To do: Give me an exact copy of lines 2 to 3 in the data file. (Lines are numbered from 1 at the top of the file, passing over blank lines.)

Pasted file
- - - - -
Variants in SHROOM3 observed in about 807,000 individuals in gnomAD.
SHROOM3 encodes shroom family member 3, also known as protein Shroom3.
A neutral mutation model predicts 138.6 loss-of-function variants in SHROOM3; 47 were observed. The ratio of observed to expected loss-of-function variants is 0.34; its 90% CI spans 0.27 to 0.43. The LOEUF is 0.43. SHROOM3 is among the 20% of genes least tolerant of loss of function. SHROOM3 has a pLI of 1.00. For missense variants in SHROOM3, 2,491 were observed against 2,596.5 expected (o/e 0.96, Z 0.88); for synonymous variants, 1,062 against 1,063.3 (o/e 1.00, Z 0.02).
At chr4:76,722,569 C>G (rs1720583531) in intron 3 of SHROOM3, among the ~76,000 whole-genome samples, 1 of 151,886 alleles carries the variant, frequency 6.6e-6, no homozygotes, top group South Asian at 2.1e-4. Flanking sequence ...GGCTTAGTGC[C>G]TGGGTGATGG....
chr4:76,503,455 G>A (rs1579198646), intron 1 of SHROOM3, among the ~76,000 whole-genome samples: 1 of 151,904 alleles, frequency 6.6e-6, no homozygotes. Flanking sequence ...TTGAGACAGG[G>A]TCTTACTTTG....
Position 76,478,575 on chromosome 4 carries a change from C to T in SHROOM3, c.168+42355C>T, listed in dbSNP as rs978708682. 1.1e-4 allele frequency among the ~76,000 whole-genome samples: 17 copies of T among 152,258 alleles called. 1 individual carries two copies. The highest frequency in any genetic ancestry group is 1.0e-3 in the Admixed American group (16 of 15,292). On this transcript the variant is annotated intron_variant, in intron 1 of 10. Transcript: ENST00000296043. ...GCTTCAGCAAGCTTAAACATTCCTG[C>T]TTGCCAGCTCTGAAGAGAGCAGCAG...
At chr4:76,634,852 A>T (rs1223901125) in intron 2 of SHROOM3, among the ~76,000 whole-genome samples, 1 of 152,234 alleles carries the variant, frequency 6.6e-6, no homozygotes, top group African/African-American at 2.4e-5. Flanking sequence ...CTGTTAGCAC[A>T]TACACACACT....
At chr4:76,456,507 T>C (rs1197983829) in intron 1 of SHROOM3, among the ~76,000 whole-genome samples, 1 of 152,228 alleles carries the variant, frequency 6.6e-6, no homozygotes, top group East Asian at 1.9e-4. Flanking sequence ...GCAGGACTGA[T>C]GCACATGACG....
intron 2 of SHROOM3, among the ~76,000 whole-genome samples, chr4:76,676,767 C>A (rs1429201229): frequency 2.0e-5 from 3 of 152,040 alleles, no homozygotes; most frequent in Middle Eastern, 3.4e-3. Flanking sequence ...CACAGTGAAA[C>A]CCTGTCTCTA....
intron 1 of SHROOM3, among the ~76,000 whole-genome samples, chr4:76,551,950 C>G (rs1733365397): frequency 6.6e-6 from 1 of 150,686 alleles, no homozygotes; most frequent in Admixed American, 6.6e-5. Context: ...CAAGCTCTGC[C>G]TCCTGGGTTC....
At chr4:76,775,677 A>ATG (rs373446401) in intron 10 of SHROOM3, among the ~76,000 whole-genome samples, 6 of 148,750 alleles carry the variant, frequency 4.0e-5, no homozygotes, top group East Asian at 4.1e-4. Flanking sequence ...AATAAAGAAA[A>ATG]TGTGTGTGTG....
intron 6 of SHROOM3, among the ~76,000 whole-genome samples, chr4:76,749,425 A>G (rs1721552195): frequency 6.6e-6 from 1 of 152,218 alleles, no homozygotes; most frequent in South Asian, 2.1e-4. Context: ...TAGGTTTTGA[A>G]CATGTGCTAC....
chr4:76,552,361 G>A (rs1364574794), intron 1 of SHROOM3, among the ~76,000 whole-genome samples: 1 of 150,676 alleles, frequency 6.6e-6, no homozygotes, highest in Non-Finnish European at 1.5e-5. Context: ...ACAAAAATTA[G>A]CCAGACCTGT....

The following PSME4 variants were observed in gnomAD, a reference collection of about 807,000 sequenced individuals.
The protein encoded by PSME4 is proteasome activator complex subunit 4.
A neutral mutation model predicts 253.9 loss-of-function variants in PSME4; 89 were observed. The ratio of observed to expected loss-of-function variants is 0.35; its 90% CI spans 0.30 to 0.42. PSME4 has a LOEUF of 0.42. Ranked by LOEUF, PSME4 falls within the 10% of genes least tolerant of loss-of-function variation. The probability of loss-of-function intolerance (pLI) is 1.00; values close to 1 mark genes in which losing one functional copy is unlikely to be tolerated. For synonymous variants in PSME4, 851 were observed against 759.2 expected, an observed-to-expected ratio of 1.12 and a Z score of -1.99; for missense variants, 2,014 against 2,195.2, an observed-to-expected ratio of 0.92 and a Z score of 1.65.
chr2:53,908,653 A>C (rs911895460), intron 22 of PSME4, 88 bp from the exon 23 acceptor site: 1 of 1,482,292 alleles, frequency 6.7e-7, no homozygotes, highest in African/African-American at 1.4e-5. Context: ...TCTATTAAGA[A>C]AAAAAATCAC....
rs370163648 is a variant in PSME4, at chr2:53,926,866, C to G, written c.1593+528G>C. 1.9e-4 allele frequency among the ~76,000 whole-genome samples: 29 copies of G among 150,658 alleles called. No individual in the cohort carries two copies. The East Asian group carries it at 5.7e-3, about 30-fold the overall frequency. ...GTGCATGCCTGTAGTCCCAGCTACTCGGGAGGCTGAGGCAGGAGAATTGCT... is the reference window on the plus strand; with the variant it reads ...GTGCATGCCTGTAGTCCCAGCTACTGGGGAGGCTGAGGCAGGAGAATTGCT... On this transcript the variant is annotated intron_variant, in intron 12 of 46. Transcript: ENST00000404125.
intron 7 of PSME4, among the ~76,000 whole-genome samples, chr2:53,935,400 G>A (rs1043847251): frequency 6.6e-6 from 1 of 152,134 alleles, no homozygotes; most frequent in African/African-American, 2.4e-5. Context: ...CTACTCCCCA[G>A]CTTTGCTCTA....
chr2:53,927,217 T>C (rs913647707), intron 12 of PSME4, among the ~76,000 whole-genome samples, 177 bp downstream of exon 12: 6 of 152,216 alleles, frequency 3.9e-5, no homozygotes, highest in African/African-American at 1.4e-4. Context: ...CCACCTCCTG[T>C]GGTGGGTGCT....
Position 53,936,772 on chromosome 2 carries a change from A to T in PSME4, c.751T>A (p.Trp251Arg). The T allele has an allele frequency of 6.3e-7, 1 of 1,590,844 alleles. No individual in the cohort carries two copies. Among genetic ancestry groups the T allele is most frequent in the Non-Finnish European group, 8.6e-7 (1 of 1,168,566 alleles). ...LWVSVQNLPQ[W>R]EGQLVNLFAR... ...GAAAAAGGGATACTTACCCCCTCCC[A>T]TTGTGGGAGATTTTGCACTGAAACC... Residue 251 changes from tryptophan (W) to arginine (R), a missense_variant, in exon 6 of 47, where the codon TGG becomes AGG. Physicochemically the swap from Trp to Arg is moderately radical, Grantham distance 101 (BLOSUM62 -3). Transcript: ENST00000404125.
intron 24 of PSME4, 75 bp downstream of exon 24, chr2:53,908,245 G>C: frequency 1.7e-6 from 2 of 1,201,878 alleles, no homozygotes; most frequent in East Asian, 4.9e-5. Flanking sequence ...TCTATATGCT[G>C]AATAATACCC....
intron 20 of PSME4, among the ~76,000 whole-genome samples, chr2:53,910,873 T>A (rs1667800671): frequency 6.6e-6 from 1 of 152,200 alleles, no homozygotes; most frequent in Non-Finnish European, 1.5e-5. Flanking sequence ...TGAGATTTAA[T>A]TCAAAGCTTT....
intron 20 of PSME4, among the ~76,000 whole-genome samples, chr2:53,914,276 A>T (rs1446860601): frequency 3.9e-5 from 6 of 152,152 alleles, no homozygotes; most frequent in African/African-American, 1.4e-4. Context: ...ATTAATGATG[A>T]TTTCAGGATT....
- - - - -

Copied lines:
SHROOM3 encodes shroom family member 3, also known as protein Shroom3.
A neutral mutation model predicts 138.6 loss-of-function variants in SHROOM3; 47 were observed. The ratio of observed to expected loss-of-function variants is 0.34; its 90% CI spans 0.27 to 0.43. The LOEUF is 0.43. SHROOM3 is among the 20% of genes least tolerant of loss of function. SHROOM3 has a pLI of 1.00. For missense variants in SHROOM3, 2,491 were observed against 2,596.5 expected (o/e 0.96, Z 0.88); for synonymous variants, 1,062 against 1,063.3 (o/e 1.00, Z 0.02).